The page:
WHEW! Relief For Co-Executors Whose Attorney Did Not Elect Alternate Valuation…
A Form 706 is required for a taxable estate or for an estate electing portability. Generally, assets are valued as of the date of death to determine an estate tax. The Internal Revenue Code (the “Code”) grants a relief provision if, for example, the stock market crashes or a recession causes assets to decline in value from the date of death until 6 months after the date of death (the “Alternate Valuation Date” or “AV Date”). The valuation at the AV Date must not only decrease the value of the estate but also the estate taxes. If an asset is sold, exchanged, distributed to a beneficiary, or otherwise disposed of within six months of death, then the value is the value as of the disposition date.
Thus, assuming that the taxpayer has no remaining estate tax exemption at the date of death, if assets are valued at 6 million on the date of death and the market crashes and 6 months later the assets are worth 4 million, the executor can use the AV Date to determine the value for estate tax purposes. The executor MUST elect the AV Date on the Form 706.
In Private Letter Ruling (“PLR”) 201825014, co-executors hired an attorney to prepare the Form 706 and the attorney submitted the return within the due date and did not elect the AV Date. After the due date of the return, the co-executors, apparently noting that using the AV Date would reduce estate taxes, filed a “supplemental” Form 706 electing the AV Date. The Internal Revenue Service (the “Service”) denied such election as the election was not made on the Form 706 in a timely manner.
The treasury regulations provide that an extension of time will be granted to make such an election IF the taxpayer demonstrates to the satisfaction of the Service that the taxpayer acted reasonably and in good faith and granting relief would not prejudice the interest of the government. The regulation further provides that a taxpayer is deemed to have acted in good faith if they relied on a qualified tax professional and the tax professional failed to make or advise the taxpayer to make the election.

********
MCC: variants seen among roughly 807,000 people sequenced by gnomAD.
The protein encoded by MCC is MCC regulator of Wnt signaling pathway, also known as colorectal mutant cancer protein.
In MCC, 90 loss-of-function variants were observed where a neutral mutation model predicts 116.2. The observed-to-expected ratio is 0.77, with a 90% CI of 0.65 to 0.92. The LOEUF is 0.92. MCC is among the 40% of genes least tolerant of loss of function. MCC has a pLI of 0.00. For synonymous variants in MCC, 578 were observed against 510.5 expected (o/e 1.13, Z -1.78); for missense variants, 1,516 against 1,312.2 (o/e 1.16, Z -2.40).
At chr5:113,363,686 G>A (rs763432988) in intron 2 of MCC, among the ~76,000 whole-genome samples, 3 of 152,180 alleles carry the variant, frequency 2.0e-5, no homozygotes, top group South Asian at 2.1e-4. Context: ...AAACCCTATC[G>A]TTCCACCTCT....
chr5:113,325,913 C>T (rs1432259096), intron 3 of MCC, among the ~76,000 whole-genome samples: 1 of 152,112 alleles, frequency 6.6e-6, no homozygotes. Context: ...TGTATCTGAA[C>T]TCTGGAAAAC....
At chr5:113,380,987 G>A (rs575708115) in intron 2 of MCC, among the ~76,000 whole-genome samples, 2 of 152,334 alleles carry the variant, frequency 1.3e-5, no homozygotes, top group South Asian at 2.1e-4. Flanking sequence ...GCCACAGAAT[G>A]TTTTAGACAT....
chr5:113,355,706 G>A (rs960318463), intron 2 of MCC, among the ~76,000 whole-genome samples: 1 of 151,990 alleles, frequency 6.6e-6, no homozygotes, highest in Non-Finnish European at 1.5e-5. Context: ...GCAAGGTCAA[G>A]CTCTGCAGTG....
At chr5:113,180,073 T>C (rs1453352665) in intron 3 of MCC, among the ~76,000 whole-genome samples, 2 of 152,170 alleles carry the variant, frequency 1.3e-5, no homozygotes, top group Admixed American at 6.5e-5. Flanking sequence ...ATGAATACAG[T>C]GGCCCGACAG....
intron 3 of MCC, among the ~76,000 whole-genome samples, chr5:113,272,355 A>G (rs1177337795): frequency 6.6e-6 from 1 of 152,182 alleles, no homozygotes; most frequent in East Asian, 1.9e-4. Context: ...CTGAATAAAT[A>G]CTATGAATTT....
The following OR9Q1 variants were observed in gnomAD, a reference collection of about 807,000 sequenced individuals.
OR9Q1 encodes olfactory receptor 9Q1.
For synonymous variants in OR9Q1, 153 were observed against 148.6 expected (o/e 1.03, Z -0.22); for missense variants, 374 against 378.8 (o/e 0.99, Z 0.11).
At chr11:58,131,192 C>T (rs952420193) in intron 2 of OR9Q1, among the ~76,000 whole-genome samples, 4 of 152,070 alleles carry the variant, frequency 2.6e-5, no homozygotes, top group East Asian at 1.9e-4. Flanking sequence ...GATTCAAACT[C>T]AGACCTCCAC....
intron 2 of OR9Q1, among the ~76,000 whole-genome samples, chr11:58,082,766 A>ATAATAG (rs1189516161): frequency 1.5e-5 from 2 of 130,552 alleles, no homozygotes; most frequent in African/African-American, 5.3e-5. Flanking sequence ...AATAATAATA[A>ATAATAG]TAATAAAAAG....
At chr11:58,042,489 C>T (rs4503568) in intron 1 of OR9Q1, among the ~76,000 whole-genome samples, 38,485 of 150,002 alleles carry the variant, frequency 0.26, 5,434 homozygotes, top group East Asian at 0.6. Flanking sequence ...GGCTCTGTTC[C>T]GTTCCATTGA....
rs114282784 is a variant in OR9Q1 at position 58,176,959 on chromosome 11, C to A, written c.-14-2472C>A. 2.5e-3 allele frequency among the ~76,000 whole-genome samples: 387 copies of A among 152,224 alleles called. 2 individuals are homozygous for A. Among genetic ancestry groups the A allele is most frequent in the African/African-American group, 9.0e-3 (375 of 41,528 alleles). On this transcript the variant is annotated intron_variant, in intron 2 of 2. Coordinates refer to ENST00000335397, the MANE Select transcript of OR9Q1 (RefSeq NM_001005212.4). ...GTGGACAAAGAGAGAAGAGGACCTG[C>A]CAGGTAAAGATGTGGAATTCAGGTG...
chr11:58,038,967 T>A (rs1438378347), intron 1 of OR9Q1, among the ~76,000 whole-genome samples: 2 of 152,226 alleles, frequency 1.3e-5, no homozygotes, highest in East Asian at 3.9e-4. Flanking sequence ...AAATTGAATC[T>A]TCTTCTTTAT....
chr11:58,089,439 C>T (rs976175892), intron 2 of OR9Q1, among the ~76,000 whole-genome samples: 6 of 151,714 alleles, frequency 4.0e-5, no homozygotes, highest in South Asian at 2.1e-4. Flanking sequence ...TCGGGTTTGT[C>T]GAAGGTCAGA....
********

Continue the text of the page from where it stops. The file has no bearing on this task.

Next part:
The Service granted the extension of time to make the election to value the assets as of the AV Date.
ADVICE: If you file a Form 706, then always consider the AV Date. If, for any reason, you should have used the AV Date review this PLR. While a PLR is only directed to the taxpayer requesting the PLR, this PLR will give you guidance. Also note that a protective election for the AV Date can also be made.
Remember also, that while the AV Date will reduce the estate tax, the cost basis for each asset for the beneficiary will also be reduced. Thus, in the example above, if the beneficiary sells the assets for 6 million dollars and the AV Date is used, the gain is 2 million. If, however, the AV Date was not used, then no gain would result. You must look at all tax rates to ascertain the best tax results for the estate, the trust and the beneficiaries. In most cases, if the AV Date reduces the estate taxes, then the AV Date should used. However, do not assume.
WORD OF THE WEEK: Statutory election versus regulatory election under the Code. A due date for a regulatory election is prescribed by a regulation published in the Federal Register, or a revenue ruling, revenue procedure, notice, or announcement published in the Internal Revenue Bulletin. A regulatory election is not provided in the Code. An election provided by a statute n the Code is a “statutory” election. Why does it matter? Relief for an extension of time depends on whether it is a statutory or regulatory election and whether there is an automatic extension provided. If no automatic extension is provided, then a PLR is required to obtain an extension.
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